These days we are all looking for a little something extra when we finally retire. There are many implications that our social security nest egg might not be enough, if it’s there at all, once we finally reach retirement. But who knows enough about other investments without hiring expensive accountants and portfolio managers? You might be able to get good investment advice from right under your nose. Mutual funds are a good way to start out small in investing, and don’t require you to put down a ton of money or risk your entire life-savings. Here are the pros and cons of investing in mutual funds.
Diversification. Investing in mutual funds helps spread your holdings across a number of different investments, which reduces the effect of any specific financial downfall. For instance, because mutual funds can contain hundreds or thousands of securities, investors aren’t likely to be fazed if one of them doesn’t do well.
Expert Management. Many beginning investors lack the financial know-how to manage their own portfolio. However, non-index mutual funds are managed by professionals who dedicate their careers to helping investors receive the best possible return on investment.
Liquidity. Mutual funds, unlike some of the individual investments they may hold, can be traded daily. Though not as liquid as stocks, which can be traded during work hours, buy and sell orders are filled after market close. This is not a 9-5 trade, which makes it easy for the common investor to make informed decisions.
Affordability. For as little as $50 per month you can own shares in Google or a host of other expensive securities via mutual funds. Investments in many of the bigger names can be purchased anywhere from $50-$100, which makes them reasonably accessible.
No Control Over Portfolio. If you are investing in a mutual fund you give up all control of your portfolio to the money managers who run it. If you are someone who is particular about where the money is being used, you won’t be able to dictate many of your portfolio decisions.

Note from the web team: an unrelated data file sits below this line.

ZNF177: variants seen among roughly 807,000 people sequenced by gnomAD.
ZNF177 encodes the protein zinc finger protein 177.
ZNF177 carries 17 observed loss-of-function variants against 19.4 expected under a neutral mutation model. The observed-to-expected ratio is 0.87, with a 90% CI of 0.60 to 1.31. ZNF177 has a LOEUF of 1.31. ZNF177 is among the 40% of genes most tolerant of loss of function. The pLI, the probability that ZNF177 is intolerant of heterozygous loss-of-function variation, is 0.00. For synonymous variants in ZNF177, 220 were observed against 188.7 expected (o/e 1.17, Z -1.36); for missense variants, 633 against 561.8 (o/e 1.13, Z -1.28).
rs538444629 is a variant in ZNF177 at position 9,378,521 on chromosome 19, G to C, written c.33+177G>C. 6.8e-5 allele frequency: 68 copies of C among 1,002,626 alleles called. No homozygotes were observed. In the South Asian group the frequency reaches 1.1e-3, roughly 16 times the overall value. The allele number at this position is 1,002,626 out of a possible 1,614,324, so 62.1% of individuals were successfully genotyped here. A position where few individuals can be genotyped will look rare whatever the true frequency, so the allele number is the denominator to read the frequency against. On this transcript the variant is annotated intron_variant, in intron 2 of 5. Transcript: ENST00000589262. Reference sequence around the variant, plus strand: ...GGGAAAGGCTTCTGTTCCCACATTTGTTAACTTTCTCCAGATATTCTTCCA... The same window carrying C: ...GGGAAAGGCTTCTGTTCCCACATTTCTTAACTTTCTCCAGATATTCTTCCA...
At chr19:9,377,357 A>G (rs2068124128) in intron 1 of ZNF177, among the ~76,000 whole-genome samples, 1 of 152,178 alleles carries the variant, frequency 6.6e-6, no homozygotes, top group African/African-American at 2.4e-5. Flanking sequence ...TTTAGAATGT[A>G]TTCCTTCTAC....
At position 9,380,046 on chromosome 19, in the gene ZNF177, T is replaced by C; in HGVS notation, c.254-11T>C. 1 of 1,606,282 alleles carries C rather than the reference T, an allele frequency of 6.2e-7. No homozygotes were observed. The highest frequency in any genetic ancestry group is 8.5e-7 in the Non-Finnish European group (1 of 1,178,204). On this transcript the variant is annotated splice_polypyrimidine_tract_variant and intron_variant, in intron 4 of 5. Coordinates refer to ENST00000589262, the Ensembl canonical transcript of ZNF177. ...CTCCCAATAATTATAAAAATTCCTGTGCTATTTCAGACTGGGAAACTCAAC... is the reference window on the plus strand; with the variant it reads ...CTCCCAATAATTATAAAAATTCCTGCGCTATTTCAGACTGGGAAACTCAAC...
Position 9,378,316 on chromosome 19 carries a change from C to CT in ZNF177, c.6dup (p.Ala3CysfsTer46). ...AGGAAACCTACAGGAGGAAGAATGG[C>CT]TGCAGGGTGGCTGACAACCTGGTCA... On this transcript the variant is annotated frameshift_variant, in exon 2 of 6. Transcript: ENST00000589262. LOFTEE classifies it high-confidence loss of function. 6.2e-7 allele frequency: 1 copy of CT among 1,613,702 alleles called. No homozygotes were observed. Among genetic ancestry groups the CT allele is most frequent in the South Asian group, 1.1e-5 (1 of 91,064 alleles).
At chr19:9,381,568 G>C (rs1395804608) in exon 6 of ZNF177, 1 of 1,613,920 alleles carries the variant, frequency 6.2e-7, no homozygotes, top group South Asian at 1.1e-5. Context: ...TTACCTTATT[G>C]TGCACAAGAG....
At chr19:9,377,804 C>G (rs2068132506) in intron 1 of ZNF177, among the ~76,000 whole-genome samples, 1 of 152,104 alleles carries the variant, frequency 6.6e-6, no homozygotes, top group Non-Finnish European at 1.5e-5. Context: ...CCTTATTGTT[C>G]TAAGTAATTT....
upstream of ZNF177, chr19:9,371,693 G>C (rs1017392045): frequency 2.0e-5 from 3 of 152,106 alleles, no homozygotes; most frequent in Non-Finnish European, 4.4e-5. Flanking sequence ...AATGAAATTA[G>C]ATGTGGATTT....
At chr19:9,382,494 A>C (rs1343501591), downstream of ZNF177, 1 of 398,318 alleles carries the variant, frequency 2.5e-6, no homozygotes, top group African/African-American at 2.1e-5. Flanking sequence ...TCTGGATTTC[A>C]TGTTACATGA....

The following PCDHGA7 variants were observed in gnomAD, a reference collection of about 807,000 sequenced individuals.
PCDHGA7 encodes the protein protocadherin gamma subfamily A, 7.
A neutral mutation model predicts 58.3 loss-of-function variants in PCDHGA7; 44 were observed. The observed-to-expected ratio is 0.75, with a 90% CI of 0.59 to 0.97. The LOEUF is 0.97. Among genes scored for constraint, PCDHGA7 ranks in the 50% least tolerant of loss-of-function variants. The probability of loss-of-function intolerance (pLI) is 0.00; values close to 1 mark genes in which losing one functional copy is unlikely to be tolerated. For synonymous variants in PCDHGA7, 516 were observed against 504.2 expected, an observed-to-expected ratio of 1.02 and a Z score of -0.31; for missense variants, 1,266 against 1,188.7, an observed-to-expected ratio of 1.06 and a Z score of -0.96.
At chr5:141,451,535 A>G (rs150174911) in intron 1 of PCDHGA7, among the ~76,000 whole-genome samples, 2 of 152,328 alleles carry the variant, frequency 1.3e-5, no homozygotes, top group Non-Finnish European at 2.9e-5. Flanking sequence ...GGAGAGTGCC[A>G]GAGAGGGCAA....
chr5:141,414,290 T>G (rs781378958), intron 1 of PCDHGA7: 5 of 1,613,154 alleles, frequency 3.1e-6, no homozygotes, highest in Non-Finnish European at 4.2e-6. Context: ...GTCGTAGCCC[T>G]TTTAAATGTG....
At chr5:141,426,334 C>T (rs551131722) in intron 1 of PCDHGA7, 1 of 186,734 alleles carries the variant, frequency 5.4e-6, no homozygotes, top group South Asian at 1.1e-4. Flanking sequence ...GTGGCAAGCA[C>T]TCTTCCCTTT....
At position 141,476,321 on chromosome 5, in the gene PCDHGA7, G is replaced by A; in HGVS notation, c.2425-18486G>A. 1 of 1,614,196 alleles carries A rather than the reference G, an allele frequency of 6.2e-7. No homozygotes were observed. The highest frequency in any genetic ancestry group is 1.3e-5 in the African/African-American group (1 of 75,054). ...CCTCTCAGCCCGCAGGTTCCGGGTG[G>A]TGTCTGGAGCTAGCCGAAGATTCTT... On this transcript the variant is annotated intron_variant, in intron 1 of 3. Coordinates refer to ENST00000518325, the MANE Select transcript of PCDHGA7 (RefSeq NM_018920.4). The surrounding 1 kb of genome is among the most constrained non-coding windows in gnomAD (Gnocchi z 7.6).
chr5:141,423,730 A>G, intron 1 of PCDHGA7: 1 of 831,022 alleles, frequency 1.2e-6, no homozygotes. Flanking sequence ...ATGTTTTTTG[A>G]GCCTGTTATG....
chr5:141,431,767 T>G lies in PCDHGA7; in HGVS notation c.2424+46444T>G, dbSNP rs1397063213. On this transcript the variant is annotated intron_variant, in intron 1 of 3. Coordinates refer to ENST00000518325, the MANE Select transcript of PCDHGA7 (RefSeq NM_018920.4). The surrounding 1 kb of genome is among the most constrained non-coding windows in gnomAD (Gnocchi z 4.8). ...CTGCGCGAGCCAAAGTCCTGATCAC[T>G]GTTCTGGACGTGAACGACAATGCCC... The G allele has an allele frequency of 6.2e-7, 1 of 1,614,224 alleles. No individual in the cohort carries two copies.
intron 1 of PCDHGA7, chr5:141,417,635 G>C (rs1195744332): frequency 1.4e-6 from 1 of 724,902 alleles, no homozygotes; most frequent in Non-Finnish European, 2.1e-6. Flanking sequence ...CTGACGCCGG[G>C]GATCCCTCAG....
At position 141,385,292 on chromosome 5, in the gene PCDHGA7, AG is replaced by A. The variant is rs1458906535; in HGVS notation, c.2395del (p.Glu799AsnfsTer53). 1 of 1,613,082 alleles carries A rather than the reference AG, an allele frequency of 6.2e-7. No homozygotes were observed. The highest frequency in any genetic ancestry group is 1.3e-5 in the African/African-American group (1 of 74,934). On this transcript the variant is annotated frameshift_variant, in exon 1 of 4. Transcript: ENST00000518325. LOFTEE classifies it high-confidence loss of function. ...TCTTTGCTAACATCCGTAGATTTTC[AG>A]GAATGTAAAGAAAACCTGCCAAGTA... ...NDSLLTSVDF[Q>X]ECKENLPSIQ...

Capital Gains. Anytime you sell stock, you’re taxed on your gains. However, in a mutual fund you’re taxed when the fund distributes gains it made from selling individual holdings – even if you haven’t sold your shares. If the fund has high turnover, or sells holdings often, capital gains distributions could be an annual event. That is, unless you’re investing via a Roth IRA, traditional IRA, or employer-sponsored retirement plan like the 401k. So in a sense, the fact that the funds are distributed over multiple securities can turn around to bite you in the end.
Over-diversification. Although there are many benefits of diversification, there are pitfalls of being over-diversified; it’s sort of a double edged sword. The more securities you hold, the less likely you are to feel their individual returns on your overall portfolio. Therefore, though the risk in investing in mutual funds will be reduced, so too will the potential for gains.
Cash Drag. Investors still pay to have funds sitting in cash because annual expenses are assessed on all fund assets, regardless of whether they’re invested or not.